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Publication numberUS5153167 A
Publication typeGrant
Application numberUS 07/704,179
Publication dateOct 6, 1992
Filing dateMay 22, 1991
Priority dateMay 22, 1991
Fee statusLapsed
Publication number07704179, 704179, US 5153167 A, US 5153167A, US-A-5153167, US5153167 A, US5153167A
InventorsTohru Saito, Hiroshi Iwami, Yasushi Ishikawa
Original AssigneeNippon Steel Corporation
Export CitationBiBTeX, EndNote, RefMan
External Links: USPTO, USPTO Assignment, Espacenet
Honeycomb catalyst carrier
US 5153167 A
Abstract
A catalyst carrier having a honeycomb structure made of metal sheets and used for a catalytic convertor for treating an exhaust gas of an internal combustion engine. The catalyst carrier is made of layers, each having a plain sheet, and at least one corrugated sheet applied on the plain sheet and having a width smaller than that of the plain sheet so that, laterally of the corrugated sheet, a portion of the plain sheet is not occupied by the corrugated sheet. The portion without the corrugated sheet is in face to face contact with a portion having a corrugated sheet on an adjacent layer, and as a result, a lateral engagement is obtained between the corrugated sheets of the facing layers, thereby preventing the layers from being laterally displaced along at least one direction.
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Claims(12)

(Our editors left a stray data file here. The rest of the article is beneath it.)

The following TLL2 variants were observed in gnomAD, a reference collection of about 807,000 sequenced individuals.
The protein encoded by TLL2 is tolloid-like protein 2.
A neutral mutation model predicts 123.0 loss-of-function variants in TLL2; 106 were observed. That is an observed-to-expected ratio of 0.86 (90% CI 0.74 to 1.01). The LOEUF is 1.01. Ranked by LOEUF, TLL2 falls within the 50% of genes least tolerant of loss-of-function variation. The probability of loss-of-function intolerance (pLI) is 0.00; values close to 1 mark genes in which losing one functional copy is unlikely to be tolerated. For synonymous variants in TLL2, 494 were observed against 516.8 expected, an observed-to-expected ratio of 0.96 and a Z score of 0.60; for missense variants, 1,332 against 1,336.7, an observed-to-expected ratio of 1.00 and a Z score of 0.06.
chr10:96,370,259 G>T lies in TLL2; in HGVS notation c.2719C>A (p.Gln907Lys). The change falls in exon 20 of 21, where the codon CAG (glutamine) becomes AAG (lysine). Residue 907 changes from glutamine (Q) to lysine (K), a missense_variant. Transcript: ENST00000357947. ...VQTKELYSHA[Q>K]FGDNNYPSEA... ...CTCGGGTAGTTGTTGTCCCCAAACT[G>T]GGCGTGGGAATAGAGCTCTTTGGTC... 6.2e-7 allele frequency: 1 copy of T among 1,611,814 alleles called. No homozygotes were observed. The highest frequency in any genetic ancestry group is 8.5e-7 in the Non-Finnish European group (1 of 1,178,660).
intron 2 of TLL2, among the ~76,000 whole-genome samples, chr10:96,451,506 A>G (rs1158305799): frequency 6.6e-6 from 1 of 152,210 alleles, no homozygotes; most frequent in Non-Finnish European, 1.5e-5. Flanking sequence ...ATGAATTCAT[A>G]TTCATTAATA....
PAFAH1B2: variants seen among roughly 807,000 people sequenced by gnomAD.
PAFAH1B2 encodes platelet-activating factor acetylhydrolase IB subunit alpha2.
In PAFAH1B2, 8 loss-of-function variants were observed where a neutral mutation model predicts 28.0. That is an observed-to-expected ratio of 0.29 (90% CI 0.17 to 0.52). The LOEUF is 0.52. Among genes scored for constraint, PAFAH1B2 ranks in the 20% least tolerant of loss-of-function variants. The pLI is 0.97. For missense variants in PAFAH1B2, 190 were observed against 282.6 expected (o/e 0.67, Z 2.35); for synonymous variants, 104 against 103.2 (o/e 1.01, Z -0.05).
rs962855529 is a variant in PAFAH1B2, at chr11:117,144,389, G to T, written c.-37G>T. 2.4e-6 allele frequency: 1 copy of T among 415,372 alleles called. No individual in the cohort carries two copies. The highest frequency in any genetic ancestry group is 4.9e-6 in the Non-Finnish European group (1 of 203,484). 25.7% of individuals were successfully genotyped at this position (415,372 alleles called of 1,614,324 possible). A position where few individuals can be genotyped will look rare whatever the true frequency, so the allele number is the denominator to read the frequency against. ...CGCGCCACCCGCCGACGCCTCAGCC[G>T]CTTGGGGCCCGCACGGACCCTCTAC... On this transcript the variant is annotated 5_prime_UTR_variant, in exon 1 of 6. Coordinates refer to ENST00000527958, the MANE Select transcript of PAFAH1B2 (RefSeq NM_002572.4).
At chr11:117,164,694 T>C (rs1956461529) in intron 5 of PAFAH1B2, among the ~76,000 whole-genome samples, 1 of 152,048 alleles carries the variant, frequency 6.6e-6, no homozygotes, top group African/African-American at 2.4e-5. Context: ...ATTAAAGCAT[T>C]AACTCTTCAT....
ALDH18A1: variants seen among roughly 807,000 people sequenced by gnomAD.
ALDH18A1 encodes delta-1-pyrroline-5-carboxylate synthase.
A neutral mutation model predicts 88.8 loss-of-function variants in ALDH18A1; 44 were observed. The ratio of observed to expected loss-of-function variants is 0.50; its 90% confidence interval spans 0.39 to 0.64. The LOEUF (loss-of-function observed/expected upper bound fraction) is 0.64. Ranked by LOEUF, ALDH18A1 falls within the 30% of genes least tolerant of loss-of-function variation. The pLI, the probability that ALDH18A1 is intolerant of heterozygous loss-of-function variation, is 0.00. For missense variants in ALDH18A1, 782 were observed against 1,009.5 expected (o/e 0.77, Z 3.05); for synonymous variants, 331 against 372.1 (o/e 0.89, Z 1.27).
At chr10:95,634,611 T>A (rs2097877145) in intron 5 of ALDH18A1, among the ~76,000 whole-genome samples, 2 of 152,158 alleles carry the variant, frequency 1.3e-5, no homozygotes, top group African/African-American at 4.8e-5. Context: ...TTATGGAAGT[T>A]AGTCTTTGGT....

We claim:
1. A catalyst carrier having a metal honeycomb structure comprising a plurality of layers, each comprising a plain sheet and at least one corrugated sheet having a width smaller than that of the plain sheet, said corrugated sheet being fixedly connected to a surface of the plain sheet so that, on a surface laterally of the corrugated sheet, at least one portion not occupied by the corrugated sheet is formed, which portion is aligned with a corrugated portion on the facing surface of a plain sheet in the adjacent layer, of substantially the same width, so that a face to face contact is obtained between the corrugated sheet in one layer and the portion of the plain sheet not occupied by the corrugated sheet on the facing surface of the adjacent layer, so that a mating engagement of the corrugated sheets of the adjacent layers in at least one lateral direction is created, to thereby prevent the adjacent layers from being displaced along said lateral direction.
2. A catalyst carrier according to claim 1, wherein corrugated sheets of the same width are arranged on opposite surfaces of the plain sheet in such a manner that a corrugated sheet on one surface is aligned with the portion not occupied by a corrugated sheet on the other surface, in a direction transverse to the layer.
3. A catalyst carrier according to claim 2, wherein the catalyst carrier has a cylindrical shape, the plain and corrugated sheets in all of the layers being continuous, respectively, and being wound in a spiral manner to obtain a honeycomb structure.
4. A catalyst carrier according to claim 1, wherein all of the layers are separate from each other, the separate layers being laminated in a direction transverse to the sheets to obtain a honeycomb structure.
5. A catalyst carrier according to claim 1, wherein the plain sheet and corrugated sheets are fixedly connected by spot welding at locations at which they are in contact with each other.